**January 2012 Update**
This post is from way back in 2009. Much of the info is still fairly accurate, but see other entries for updates.
I also have a new credit card offer page where you can learn about current cards that offer big mileage bonuses.
Late last fall, I was in need of a new source of Frequent Flyer Miles. I used to earn at least 200,000 miles a year from small business spending, but as I transitioned to full-time writing, the regular addition of miles fell to a couple of thousand a month.
A couple thousand miles a month adds up to a free domestic ticket every year, but most of the Awards tickets I use require redemptions of 90,000 miles or more, so that doesn’t help much.
I did what I always do in these situations – I broke down the problem into logical reasoning:
The Problem: No longer earn hundreds of thousands of free miles each year
The Stipulation: Want to avoid flying long-haul Economy class whenever possible
The Concern: Can’t pay $4,000 for Business Class tickets, unless it’s a Round-the-World flight where I’ll get excellent long-term value
The Solution: Therefore, I need to replenish my mileage account some other way
(This is how I usually process problems I run into, on the assumption that there is almost always an alternative way to accomplish something.)
That’s when I decided to conduct a personal experiment with credit cards and mileage bonuses. Over the course of a few weeks, I applied, was approved for, and received 13 new credit cards. I applied for the cards only to get the miles, but I made sure to fulfill all the requirements to ensure my eligibility.
Somewhat to my own surprise, it worked – I earned just under 300,000 Frequent Flyer Miles in a few short weeks. To be fair to all of you, I decided not to keep the news to myself. I published the full story of each credit card I applied for, how I tracked the cards through a spreadsheet, and set a goal of helping at least 100 readers earn at least 50,000 Frequent Flyer Miles of their own.
Recently, a few people have been asking… what’s happened? How many miles are we up to?
We didn’t get to 5 Million Miles in 30 days, my original goal. But that’s OK – we’re well beyond 1 million now, and new miles keep posting every couple of days.
As of last week when I took off for my trip, the current reported total was 1,670,000. This does not include my own miles (300,000), or miles from anyone who didn’t complete the form. Numerous other people have reported big mileage accruals by email or general internet chatter, but to keep the reporting to a conservative estimate, I’m only including those who have filled out the form.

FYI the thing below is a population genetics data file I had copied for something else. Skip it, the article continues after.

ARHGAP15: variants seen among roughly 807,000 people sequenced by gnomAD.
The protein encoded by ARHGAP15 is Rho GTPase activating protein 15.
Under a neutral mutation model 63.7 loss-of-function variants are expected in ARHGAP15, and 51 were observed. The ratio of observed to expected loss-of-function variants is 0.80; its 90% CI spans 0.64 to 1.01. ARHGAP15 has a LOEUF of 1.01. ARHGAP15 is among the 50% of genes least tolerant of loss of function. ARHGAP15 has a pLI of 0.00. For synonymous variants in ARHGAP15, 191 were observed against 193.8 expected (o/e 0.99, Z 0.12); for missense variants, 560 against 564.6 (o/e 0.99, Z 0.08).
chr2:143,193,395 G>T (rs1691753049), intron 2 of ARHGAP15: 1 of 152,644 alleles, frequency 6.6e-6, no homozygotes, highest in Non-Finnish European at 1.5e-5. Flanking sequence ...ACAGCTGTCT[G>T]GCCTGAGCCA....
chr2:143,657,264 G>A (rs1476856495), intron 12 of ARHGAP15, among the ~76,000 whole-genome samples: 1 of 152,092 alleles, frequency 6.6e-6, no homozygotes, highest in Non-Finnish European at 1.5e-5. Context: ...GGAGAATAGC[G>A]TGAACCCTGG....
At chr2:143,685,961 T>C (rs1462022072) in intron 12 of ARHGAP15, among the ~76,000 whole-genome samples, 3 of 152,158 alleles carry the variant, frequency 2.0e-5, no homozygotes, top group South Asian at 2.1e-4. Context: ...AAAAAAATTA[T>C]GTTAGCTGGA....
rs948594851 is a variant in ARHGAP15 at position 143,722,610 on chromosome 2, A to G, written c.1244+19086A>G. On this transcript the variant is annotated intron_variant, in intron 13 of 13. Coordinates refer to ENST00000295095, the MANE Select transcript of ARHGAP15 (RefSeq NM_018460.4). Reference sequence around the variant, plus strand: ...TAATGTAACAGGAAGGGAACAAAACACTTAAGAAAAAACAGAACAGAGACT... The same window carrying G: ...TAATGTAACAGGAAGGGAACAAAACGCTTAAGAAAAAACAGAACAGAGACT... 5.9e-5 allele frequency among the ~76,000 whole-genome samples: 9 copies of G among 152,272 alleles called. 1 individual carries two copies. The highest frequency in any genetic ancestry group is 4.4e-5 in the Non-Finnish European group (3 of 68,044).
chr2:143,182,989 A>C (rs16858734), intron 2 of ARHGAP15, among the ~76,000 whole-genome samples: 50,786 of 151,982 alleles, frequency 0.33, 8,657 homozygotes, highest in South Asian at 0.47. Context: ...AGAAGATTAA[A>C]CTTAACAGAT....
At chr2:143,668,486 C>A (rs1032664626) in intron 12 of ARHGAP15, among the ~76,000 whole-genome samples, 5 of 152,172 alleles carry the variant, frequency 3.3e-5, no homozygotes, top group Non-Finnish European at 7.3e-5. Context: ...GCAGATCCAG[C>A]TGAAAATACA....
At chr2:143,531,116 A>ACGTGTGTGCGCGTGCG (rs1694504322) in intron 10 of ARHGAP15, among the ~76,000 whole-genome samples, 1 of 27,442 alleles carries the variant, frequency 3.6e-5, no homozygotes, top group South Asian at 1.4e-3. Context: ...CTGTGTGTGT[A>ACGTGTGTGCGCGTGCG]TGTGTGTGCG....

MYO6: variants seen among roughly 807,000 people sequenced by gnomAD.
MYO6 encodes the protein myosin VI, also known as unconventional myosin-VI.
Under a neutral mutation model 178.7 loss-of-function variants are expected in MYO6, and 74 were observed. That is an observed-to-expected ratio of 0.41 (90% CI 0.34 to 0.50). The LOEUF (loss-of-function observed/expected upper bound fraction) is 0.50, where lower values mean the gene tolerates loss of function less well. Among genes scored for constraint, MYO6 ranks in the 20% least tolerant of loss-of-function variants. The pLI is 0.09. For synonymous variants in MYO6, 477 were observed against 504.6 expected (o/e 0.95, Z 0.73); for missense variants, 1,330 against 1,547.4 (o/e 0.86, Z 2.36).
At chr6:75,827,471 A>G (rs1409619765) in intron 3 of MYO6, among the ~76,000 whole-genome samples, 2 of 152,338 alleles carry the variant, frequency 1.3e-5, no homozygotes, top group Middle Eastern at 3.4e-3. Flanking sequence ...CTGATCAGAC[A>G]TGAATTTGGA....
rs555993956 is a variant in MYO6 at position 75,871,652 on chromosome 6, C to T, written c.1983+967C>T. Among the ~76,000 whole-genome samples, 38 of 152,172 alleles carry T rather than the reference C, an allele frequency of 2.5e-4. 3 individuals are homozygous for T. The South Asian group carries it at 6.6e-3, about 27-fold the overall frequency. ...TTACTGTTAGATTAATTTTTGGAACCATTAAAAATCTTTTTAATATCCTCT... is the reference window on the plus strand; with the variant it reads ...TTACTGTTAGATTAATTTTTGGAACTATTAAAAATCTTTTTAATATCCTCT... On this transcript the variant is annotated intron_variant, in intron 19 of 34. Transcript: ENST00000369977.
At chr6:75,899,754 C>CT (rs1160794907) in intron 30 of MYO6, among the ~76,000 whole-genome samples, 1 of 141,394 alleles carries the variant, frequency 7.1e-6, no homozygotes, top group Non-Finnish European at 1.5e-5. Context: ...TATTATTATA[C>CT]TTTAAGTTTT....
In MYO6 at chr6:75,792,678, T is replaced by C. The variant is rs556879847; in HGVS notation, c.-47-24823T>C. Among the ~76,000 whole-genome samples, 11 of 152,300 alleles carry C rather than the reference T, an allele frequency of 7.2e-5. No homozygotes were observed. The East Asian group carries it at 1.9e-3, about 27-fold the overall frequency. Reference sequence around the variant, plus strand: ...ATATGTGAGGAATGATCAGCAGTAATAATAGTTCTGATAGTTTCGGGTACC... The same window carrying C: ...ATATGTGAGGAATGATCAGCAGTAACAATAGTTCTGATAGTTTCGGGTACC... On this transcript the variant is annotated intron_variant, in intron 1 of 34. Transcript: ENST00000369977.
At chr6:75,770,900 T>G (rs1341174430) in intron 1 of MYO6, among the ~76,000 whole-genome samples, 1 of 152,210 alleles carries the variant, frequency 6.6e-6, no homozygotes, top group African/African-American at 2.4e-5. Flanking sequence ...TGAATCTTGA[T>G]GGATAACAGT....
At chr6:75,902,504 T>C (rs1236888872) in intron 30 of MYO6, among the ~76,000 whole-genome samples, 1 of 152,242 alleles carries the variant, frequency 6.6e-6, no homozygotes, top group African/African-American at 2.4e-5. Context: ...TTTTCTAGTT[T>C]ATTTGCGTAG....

(That said, if this helps you – fill out the form! You can be anonymous if you want.)
Here are a few stories from readers who have made this unconventional project work for them:
Through the frequent flyer challenge, I have already earned 70,000 miles through three different personal American Airlines cards. Last week, I booked a trip to Nairobi, Kenya using those miles in August 2009 where my girlfriend and I will attempt to climb Mt. Kilimanjaro (aka the trip of a lifetime)! We are so excited, to say the least!
I expect to receive 125,000 miles split between only two airlines (thanks to the NW-Delta merger). I am already using 30k, since I am travelling in Peru right now using the first batch that arrived. I like having them so I can take advantage of last minute opportunities. I am planning on doing some house-sitting and language immersion over the next couple years, and also taking a year to travel on my first round the world trip so the possibilities are endless.
I have received 70,000 miles already (50,000 from AA and 20,000 from NWA). I expect to churn more AA credit cards this year for at least another 100,000 miles. I am doing this for my husband as well.
We will use them to go to Costa Rica this summer. We are also saving for First/Business Class to Kenya.
My husband and I are going to take a CareerBreak / Gap Year and travel the world! We already purchased our first flights – using miles earned from the credit cards, plus miles we already had. Our gap year will start this summer, ~July 2009. Our first stop (which we bought flights for) is to Europe from August to November. After that it’s unknown, but on our list is Australia/NewZealand, South America, and possibly Asia and possibly Africa. Also we will probably spend a decent amount of time in the US visiting family and also exploring.